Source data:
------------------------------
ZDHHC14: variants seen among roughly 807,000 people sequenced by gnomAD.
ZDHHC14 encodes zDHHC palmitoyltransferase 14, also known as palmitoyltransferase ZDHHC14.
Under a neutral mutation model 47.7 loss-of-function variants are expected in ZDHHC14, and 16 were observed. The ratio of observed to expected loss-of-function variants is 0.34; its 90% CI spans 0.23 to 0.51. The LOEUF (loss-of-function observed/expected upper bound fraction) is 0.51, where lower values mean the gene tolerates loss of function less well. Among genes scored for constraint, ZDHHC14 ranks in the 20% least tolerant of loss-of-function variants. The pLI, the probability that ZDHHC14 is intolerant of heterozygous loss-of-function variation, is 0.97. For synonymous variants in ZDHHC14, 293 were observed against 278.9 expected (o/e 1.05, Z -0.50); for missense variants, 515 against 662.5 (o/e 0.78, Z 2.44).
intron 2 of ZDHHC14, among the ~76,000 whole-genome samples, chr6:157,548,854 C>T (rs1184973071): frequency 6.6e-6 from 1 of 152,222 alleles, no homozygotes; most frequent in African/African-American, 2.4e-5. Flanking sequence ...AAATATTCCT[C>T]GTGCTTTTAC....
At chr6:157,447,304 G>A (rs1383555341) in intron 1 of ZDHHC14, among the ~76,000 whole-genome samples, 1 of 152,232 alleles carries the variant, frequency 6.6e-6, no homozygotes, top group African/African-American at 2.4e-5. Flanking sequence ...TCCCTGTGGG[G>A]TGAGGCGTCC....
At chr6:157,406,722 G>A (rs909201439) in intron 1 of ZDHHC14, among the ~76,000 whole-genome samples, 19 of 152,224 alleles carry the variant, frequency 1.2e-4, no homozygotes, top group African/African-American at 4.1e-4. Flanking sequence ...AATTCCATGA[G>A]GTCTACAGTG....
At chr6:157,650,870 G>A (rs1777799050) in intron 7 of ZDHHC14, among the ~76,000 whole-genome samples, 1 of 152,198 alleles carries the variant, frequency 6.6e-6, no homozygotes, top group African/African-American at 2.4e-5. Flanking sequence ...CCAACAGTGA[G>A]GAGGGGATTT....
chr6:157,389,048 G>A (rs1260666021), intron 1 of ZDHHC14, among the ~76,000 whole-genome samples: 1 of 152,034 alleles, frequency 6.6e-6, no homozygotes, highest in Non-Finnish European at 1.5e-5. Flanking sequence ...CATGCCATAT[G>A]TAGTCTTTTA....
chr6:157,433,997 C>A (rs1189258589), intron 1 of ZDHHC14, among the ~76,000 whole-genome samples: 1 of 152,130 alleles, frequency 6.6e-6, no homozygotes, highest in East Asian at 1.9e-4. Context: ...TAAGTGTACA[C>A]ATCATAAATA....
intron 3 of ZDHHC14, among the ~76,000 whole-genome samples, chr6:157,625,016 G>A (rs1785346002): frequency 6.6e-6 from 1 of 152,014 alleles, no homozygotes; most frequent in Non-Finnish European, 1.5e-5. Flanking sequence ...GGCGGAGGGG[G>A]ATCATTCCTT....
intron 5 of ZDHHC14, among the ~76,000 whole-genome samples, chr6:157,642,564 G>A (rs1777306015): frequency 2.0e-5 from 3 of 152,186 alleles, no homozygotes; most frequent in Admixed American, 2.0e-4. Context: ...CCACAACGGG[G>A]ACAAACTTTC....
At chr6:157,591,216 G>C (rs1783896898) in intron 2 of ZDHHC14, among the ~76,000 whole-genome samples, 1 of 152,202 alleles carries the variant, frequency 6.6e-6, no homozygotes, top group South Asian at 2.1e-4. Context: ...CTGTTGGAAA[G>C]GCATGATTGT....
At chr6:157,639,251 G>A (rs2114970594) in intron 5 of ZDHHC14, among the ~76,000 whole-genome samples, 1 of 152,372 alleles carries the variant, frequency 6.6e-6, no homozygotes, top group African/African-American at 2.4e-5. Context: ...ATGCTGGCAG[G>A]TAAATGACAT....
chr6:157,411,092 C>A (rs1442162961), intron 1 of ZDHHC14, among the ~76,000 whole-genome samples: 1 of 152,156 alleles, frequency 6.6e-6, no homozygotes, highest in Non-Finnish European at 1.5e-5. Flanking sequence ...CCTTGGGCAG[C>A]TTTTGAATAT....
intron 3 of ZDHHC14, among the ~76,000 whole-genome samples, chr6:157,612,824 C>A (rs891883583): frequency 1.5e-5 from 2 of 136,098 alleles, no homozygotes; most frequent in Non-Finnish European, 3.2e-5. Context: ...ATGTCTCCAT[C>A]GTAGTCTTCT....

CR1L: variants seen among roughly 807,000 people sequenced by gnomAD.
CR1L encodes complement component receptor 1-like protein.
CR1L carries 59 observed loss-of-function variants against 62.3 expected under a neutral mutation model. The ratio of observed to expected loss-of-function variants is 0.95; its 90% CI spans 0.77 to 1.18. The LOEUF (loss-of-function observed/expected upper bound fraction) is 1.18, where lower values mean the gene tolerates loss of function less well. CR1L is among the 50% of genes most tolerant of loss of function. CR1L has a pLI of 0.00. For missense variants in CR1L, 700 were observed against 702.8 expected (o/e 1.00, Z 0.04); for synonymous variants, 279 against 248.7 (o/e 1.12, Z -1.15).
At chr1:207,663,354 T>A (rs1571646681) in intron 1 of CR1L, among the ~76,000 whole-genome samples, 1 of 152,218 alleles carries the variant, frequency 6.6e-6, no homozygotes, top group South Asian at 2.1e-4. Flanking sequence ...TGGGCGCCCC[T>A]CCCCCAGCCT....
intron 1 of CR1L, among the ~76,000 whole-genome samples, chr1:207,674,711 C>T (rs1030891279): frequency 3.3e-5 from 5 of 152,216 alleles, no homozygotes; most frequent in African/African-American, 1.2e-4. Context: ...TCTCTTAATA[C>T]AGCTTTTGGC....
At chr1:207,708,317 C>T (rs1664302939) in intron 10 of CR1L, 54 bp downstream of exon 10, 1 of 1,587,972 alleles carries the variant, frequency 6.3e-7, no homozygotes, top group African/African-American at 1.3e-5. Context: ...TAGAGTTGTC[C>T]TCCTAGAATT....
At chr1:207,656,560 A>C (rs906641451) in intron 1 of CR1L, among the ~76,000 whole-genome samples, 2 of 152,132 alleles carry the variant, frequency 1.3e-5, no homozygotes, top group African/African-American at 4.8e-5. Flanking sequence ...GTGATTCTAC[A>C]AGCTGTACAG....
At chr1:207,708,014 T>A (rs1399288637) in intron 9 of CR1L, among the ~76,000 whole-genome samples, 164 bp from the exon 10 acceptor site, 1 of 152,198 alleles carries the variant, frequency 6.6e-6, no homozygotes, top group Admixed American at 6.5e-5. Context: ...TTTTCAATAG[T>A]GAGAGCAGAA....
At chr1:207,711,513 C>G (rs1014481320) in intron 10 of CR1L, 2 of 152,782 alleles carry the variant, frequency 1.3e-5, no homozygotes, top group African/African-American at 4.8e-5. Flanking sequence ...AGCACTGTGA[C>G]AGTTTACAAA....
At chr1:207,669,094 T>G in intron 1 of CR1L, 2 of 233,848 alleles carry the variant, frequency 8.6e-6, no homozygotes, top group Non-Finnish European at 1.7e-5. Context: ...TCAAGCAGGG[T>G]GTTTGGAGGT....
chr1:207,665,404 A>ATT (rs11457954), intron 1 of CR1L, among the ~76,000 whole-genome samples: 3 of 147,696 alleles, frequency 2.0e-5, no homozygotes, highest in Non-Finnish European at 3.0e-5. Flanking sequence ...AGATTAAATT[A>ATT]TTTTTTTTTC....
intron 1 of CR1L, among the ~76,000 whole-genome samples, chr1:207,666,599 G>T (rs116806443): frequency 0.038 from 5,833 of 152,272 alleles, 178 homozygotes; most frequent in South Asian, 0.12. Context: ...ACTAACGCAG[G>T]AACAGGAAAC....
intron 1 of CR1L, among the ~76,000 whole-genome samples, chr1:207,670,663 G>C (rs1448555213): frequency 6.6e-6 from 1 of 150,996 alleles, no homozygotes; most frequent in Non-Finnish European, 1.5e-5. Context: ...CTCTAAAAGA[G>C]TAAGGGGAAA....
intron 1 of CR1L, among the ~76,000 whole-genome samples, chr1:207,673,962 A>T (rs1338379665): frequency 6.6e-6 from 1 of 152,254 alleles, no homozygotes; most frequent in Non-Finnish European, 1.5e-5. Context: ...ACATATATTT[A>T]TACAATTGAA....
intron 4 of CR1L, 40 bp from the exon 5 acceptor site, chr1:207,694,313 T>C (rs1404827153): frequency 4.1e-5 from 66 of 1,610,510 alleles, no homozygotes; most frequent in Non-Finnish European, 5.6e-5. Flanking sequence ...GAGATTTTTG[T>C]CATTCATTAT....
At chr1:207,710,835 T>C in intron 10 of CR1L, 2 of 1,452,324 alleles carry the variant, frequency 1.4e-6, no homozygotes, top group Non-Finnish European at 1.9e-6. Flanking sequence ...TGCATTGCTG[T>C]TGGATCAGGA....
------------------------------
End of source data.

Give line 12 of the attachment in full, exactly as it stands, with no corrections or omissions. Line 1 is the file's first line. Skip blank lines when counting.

At chr6:157,591,216 G>C (rs1783896898) in intron 2 of ZDHHC14, among the ~76,000 whole-genome samples, 1 of 152,202 alleles carries the variant, frequency 6.6e-6, no homozygotes, top group South Asian at 2.1e-4. Context: ...CTGTTGGAAA[G>C]GCATGATTGT....